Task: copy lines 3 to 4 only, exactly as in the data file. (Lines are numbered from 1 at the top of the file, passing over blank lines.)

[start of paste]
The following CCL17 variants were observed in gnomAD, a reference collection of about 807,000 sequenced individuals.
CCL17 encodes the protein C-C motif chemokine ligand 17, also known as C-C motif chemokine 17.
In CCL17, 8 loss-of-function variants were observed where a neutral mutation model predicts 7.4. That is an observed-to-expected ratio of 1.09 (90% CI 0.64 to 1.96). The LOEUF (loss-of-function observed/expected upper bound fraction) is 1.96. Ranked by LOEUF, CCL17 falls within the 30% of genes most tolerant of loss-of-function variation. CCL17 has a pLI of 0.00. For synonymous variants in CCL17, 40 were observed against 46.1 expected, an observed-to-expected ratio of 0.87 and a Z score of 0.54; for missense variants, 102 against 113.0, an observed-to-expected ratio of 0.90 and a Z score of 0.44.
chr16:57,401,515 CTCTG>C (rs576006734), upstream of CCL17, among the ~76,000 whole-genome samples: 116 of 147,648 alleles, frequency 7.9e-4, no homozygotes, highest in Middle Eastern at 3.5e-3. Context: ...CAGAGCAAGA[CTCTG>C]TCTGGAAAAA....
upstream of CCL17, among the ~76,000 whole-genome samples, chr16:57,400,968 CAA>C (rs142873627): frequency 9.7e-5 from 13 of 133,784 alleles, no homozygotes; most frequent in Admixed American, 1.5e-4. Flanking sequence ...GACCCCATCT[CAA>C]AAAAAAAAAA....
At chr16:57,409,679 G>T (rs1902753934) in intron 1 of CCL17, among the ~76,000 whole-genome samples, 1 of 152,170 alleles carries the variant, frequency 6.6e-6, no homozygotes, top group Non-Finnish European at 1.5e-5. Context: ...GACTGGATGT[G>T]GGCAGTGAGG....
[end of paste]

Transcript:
In CCL17, 8 loss-of-function variants were observed where a neutral mutation model predicts 7.4. That is an observed-to-expected ratio of 1.09 (90% CI 0.64 to 1.96). The LOEUF (loss-of-function observed/expected upper bound fraction) is 1.96. Ranked by LOEUF, CCL17 falls within the 30% of genes most tolerant of loss-of-function variation. CCL17 has a pLI of 0.00. For synonymous variants in CCL17, 40 were observed against 46.1 expected, an observed-to-expected ratio of 0.87 and a Z score of 0.54; for missense variants, 102 against 113.0, an observed-to-expected ratio of 0.90 and a Z score of 0.44.
chr16:57,401,515 CTCTG>C (rs576006734), upstream of CCL17, among the ~76,000 whole-genome samples: 116 of 147,648 alleles, frequency 7.9e-4, no homozygotes, highest in Middle Eastern at 3.5e-3. Context: ...CAGAGCAAGA[CTCTG>C]TCTGGAAAAA....